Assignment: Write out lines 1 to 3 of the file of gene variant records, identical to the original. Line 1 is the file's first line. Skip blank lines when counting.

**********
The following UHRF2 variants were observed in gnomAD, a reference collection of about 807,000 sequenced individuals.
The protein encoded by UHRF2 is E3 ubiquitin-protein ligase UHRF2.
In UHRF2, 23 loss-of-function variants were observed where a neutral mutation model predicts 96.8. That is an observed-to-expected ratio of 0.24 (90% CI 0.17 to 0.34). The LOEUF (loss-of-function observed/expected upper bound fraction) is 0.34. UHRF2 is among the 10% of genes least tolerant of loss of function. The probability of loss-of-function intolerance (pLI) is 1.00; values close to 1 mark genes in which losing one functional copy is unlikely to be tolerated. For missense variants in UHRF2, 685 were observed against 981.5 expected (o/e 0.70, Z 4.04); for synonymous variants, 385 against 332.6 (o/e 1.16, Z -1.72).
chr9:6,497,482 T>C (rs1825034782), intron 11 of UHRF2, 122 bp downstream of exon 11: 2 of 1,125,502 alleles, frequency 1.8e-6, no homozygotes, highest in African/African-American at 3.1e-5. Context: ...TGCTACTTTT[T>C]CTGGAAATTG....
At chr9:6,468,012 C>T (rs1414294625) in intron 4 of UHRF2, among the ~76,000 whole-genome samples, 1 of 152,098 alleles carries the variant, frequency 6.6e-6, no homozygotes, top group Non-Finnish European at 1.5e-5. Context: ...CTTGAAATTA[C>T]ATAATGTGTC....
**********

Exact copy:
The following UHRF2 variants were observed in gnomAD, a reference collection of about 807,000 sequenced individuals.
The protein encoded by UHRF2 is E3 ubiquitin-protein ligase UHRF2.
In UHRF2, 23 loss-of-function variants were observed where a neutral mutation model predicts 96.8. That is an observed-to-expected ratio of 0.24 (90% CI 0.17 to 0.34). The LOEUF (loss-of-function observed/expected upper bound fraction) is 0.34. UHRF2 is among the 10% of genes least tolerant of loss of function. The probability of loss-of-function intolerance (pLI) is 1.00; values close to 1 mark genes in which losing one functional copy is unlikely to be tolerated. For missense variants in UHRF2, 685 were observed against 981.5 expected (o/e 0.70, Z 4.04); for synonymous variants, 385 against 332.6 (o/e 1.16, Z -1.72).